Contrary to popular opinion, amnesia doesn’t result in the loss of all memory or identity. Amnesia affects our short-term, or anteograde memory, and our ability to learn and retain new information. What’s interesting and often surprising in amnesia cases is that other regions of the brain continue to function normally, such as long-term memory. But damage to even one area, such as short-term memory, can dramatically affect our ability to navigate through daily life.

Neuroscientists are learning from abnormal brain functioning, such as amnesia, to identify normal brain patterns. For instance, the interplay of brain regions and their role in thoughts, understanding, and behavior are now better understood.

For a more detailed breakdown of the human brain, go to the Brain Exploration feature of this site.

Dr. Verfaellie contributed to an article about memory distortions in amnesic patients, published in MIT’s Journal of Cognitive Neuroscience, “When True Recognition Suppresses False Recognition: Evidence from Amnesic Patients.” http://mitpress.mit.edu/journals/JOCN/jcn10602.pdf.

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Written by Joseph Eulo

June 8, 2008 at 1:30 am

The Responsive Brain (Video 4)

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he Responsive Brain is the fourth program in the DISCOVERING PSYCHOLOGY series. This program explores how the brain alters its structure and functioning in response to social situations. You’ll learn about the impact of different stimuli on human and animal brains, from the effect of human touch on premature babies to the effect of social status on the health of baboons.

Dr. Russell Fernald is a neuroethologist at Stanford University. Neuroethology integrates brain science with the study of behavior in natural habitats. The goal is to illustrate the interaction among brain, behavior, and environment. Dr. Fernald’s long-term work focuses on the African cichlid fish and how its social system regulates not only brain structures, but also bodily functions.

When a male cichlid fish recognizes an opportunity to become the dominant male, his body turns bright colors. The male fish then chases and attacks other male cichlid fish in an attempt to dominate and defend his territory. The physiological color change results from a response in the hypothalamus in the brain. In the cichlid fish, the signaling peptide cells grow eight times larger, sending the brain eight times the signal. The result is an enlargement of the fish gonads, physiologically preparing the fish to spawn with females.

When the cichlid fish loses control of the territory, he loses his bright coloring. Some fish, however, will then go into hiding, turn on the color signals of dominance, and pretend that they are still dominant for a period lasting up to three weeks.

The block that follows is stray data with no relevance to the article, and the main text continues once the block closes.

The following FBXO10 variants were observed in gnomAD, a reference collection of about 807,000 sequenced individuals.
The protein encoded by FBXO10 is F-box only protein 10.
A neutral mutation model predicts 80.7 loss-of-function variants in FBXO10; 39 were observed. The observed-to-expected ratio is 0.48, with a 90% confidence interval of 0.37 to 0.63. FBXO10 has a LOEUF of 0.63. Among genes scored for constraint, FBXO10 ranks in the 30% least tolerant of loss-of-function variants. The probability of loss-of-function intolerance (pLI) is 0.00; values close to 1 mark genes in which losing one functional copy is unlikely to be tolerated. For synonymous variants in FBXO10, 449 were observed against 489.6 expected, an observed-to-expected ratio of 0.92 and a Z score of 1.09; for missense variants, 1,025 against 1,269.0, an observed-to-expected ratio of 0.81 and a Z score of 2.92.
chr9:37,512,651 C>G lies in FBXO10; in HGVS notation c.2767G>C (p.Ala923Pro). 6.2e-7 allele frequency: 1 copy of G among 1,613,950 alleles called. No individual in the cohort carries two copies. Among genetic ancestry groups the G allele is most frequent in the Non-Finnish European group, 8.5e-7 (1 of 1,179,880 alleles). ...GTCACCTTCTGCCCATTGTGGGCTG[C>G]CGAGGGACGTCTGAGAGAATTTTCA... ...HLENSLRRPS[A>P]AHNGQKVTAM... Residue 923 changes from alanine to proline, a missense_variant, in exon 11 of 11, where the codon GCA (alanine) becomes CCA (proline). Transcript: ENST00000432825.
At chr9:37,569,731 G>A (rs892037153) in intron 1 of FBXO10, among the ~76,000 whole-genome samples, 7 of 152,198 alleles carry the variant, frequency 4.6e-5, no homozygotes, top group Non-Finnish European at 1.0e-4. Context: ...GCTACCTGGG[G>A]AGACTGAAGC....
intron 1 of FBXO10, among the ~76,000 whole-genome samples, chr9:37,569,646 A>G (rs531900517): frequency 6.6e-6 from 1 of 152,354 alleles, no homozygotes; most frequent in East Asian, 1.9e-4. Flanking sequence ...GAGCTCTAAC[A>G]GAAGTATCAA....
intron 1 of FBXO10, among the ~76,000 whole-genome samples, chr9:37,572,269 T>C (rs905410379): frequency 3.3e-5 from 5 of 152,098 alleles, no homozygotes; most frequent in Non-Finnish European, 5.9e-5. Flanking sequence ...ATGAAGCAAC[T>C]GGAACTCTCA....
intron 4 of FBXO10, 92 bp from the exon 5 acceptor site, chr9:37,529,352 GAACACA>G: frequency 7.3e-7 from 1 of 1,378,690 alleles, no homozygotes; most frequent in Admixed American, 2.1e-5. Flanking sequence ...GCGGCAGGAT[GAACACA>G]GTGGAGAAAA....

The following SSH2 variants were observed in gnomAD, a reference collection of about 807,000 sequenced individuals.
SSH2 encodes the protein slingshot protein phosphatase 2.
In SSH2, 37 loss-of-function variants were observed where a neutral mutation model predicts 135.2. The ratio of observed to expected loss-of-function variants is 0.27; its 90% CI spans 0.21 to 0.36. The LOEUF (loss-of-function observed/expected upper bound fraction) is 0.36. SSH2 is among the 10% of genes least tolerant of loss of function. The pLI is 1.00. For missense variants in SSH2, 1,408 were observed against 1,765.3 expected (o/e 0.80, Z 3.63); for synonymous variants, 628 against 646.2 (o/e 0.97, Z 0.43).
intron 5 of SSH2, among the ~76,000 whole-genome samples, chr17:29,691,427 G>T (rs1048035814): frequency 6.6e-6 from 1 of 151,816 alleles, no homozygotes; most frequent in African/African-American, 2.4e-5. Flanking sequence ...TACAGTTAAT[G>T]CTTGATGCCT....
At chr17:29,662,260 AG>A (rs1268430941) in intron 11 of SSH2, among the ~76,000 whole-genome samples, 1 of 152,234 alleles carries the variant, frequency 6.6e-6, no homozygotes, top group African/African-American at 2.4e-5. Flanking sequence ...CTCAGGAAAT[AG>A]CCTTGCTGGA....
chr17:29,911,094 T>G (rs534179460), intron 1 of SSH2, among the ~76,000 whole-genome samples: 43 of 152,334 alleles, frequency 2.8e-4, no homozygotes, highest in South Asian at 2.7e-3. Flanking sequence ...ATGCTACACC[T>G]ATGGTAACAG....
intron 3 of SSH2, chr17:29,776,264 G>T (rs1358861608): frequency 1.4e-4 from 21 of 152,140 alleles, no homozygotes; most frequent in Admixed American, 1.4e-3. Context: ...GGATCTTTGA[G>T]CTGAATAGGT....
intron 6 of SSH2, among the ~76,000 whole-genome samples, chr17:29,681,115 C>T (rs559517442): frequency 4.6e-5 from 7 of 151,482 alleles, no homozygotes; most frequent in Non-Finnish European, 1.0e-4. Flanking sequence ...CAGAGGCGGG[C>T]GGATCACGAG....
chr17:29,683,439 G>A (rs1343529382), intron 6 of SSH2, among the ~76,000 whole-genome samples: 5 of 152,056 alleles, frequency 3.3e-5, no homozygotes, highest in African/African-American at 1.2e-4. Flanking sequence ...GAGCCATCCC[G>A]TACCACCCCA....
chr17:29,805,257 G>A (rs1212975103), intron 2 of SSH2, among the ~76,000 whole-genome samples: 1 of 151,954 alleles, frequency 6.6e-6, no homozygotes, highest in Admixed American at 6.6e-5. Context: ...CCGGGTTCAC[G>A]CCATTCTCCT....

The human brain also contains the hypothalamus. Neuroethologists hypothesize that behavioral responses parallel to those cichlid fish take place in humans, beginning at puberty. Dr. Fernald’s research illustrates one example of how animal and human brains receive and translate signals from the social environment, resulting in physiological change.

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Written by Joseph Eulo

June 8, 2008 at 1:29 am

Cognitive Processess (Video 10)

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Cognitive Processess is the tenth program in the DISCOVERING PSYCHOLOGY series. This program explores the evolution of cognitive psychology and how we take in information. Cognitive psychology spans a vast range of study, from the parts of the brain used in reading to the computer’s impact on the study of how humans think.

Researcher Dr. Robert Glaser explains how the process of organizing knowledge in sophisticated patterns enables people to become experts.

One of the studies we’ve conducted on cognitive processes involves trying to understand what it means for people to be an expert. First, we want to understand the performance differences between experts in a field and relative novices in the same field. This contrast gives us some very interesting information and establishes the goals of learning and teaching in acquiring expert cognitive skill.

A consistent finding about people who are very competent in various areas of knowledge like mathematics or science, chess playing, or reading x-rays, is that they develop a particular organization in their knowledge. In other words, their knowledge is highly structured so that when they look at problems, they recognize particular patterns that are meaningful to them. When young children look at a page, they see words that have meaning to them. When older children or adults look at a page, they see much larger patterns of meaning.

For a long time, an accepted theory was that people who were very good at what they do just had better memory. But studies of chess players, for example, revealed not that they remember entire games in their heads, but that when they look at a chess board, they see a whole configuration of pieces that would be meaningless to a novice.

One thing that experts see, then, is a highly patterned organization in the problems they’re presented with. A novice sees surface features of a problem. A novice’s knowledge is much more fragmented, less integrated. Experts also use their knowledge to solve problems, a practice that assesses and strengthens what they know.

These characteristics of competence are the hallmark of instruction. Now that we know some of the patterns in learning and excelling, we can design learning institutions to maximize performance and assessment.


A list of Dr. Glaser’s publications as well as information on the University of Pittsburgh Learning Research and Development Center is available at the following Web site. http://www.lrdc.pitt.edu/page/glaserPage.htm.

Written by Joseph Eulo

June 8, 2008 at 1:19 am